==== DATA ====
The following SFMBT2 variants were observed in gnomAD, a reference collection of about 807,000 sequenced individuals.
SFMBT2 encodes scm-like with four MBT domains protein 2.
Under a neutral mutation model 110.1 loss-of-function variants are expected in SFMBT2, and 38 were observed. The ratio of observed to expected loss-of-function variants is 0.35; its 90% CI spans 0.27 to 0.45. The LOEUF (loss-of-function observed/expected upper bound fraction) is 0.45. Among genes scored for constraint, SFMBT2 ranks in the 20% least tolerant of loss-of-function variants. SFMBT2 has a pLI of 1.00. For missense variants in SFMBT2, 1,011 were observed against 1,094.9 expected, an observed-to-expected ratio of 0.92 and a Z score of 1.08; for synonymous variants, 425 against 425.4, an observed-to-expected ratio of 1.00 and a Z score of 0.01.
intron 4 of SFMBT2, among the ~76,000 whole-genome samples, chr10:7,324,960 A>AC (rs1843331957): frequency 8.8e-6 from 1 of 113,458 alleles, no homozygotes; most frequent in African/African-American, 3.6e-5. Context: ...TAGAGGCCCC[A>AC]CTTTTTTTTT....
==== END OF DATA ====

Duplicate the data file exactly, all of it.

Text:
The following SFMBT2 variants were observed in gnomAD, a reference collection of about 807,000 sequenced individuals.
SFMBT2 encodes scm-like with four MBT domains protein 2.
Under a neutral mutation model 110.1 loss-of-function variants are expected in SFMBT2, and 38 were observed. The ratio of observed to expected loss-of-function variants is 0.35; its 90% CI spans 0.27 to 0.45. The LOEUF (loss-of-function observed/expected upper bound fraction) is 0.45. Among genes scored for constraint, SFMBT2 ranks in the 20% least tolerant of loss-of-function variants. SFMBT2 has a pLI of 1.00. For missense variants in SFMBT2, 1,011 were observed against 1,094.9 expected, an observed-to-expected ratio of 0.92 and a Z score of 1.08; for synonymous variants, 425 against 425.4, an observed-to-expected ratio of 1.00 and a Z score of 0.01.
intron 4 of SFMBT2, among the ~76,000 whole-genome samples, chr10:7,324,960 A>AC (rs1843331957): frequency 8.8e-6 from 1 of 113,458 alleles, no homozygotes; most frequent in African/African-American, 3.6e-5. Context: ...TAGAGGCCCC[A>AC]CTTTTTTTTT....